“I consider space to be a material. The articulation of space has come to take precedence over other concerns. I attempt to use sculptural form to make space distinct”, explained famed American minimalist artist Richard Serra when asked about his work in 1998.
Such conceptual manipulation of space is nowhere more evident than in his recent work ‘East-West/West-East’ (2014); a public art piece that stands in the midst of the Qatari desert. There are no roads to get to this site, no maps, and no signs. There is only a GPS location that reads N25o 31.019’E050o51.948’ to help visitors find their way. There, between the gypsum plateaus of the Brouq Nature Reserve, stand four monumental steel plates in a straight line. Each piece of rolled steel is 10 cm thick, and measures between 14.7 to 16.7 meters in height. The top of the four plates are level; and positioned at equal intervals over one kilometer, they offer a visual center point to an otherwise vast and empty desert-scape.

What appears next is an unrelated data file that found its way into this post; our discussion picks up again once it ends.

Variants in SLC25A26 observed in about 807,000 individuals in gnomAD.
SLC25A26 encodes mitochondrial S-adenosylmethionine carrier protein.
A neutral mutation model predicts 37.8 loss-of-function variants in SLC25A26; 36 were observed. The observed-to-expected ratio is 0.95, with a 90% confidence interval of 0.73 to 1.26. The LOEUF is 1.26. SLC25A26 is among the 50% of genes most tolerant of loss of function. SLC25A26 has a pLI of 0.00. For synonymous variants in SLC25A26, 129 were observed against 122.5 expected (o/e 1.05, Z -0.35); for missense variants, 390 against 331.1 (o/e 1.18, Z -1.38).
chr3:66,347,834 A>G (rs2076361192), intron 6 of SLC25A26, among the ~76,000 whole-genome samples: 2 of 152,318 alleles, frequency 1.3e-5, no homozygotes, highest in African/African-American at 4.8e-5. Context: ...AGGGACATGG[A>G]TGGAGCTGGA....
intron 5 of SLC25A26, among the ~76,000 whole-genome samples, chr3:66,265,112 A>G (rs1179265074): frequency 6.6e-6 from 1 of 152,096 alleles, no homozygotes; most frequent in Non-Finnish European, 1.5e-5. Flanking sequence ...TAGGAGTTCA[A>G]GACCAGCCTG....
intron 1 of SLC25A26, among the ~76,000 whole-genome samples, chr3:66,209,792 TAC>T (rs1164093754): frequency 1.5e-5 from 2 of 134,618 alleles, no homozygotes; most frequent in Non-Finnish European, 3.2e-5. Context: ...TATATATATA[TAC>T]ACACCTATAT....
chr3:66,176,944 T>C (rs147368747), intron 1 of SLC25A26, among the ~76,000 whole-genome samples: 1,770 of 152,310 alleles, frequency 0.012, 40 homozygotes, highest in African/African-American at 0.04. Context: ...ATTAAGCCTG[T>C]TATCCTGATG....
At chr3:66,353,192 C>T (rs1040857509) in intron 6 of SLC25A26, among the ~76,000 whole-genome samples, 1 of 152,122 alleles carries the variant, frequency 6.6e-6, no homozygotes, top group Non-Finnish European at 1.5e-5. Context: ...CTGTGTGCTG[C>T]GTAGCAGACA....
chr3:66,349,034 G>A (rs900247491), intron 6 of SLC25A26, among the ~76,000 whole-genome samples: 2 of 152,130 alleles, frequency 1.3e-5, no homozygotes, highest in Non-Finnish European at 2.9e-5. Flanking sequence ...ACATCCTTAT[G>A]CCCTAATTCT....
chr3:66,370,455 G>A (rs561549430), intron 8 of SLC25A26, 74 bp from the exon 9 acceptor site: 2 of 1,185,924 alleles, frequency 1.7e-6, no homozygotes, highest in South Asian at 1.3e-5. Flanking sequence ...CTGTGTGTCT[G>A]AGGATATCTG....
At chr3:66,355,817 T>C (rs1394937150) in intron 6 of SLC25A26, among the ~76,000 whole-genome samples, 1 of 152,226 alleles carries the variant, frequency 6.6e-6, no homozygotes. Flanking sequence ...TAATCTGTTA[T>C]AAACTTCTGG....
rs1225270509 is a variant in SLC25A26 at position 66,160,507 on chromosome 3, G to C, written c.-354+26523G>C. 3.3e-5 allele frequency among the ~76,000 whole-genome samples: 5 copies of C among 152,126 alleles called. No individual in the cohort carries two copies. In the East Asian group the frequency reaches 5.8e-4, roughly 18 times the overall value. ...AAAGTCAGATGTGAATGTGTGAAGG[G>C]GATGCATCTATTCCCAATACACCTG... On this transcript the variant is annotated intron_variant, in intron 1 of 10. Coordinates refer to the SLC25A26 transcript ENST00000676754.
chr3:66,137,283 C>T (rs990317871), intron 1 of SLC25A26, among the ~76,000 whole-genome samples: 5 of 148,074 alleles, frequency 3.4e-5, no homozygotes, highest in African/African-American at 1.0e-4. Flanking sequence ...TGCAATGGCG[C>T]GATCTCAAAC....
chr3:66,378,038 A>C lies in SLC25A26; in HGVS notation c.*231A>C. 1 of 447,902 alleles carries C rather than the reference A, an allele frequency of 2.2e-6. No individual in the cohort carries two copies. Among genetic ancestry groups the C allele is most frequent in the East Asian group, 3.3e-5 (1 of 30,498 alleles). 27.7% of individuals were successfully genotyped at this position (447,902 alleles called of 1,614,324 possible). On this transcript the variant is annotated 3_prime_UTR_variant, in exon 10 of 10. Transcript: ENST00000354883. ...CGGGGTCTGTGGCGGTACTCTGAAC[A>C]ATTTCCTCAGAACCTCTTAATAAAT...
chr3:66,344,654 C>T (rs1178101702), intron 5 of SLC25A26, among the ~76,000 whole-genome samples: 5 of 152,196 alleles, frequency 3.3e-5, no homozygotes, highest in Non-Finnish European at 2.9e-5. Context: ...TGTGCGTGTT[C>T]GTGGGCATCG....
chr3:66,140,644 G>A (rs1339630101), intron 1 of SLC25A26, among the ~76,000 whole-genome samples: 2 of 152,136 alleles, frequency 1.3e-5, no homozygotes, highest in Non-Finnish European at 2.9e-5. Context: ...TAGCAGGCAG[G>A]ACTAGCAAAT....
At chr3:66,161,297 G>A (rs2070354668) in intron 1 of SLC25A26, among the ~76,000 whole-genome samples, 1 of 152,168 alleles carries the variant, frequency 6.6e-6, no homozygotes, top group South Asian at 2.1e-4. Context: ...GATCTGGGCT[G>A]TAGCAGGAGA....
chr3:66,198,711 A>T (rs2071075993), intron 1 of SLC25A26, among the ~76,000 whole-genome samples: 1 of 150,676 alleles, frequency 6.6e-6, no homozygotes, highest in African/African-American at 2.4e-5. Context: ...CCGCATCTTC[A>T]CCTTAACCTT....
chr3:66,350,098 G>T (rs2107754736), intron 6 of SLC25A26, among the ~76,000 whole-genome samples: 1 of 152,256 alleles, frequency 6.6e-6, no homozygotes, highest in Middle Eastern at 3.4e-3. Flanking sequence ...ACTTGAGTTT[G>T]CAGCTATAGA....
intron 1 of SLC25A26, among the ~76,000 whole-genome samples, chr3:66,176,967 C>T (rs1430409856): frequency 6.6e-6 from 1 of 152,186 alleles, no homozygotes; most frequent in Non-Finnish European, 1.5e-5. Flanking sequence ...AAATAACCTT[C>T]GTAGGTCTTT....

“Before, there was no way of discerning where anything was in relation to where you were, because you had no point of reference”, explained Serra in an interview with Sholto Byrnes for the Independent. “What that piece does is give you a point of reference in relationship to a line, and your upstanding relationship to a vertical plane, and infinity, and a personal relationship to a context—and pulls that context together. It makes it graspable. That’s actually a place out there now, and there certainly wasn’t one before. We did that simply by putting up four plates.”
“What that piece does is give you a point of reference in relationship to a line, and your upstanding relationship to a vertical plane, and infinity”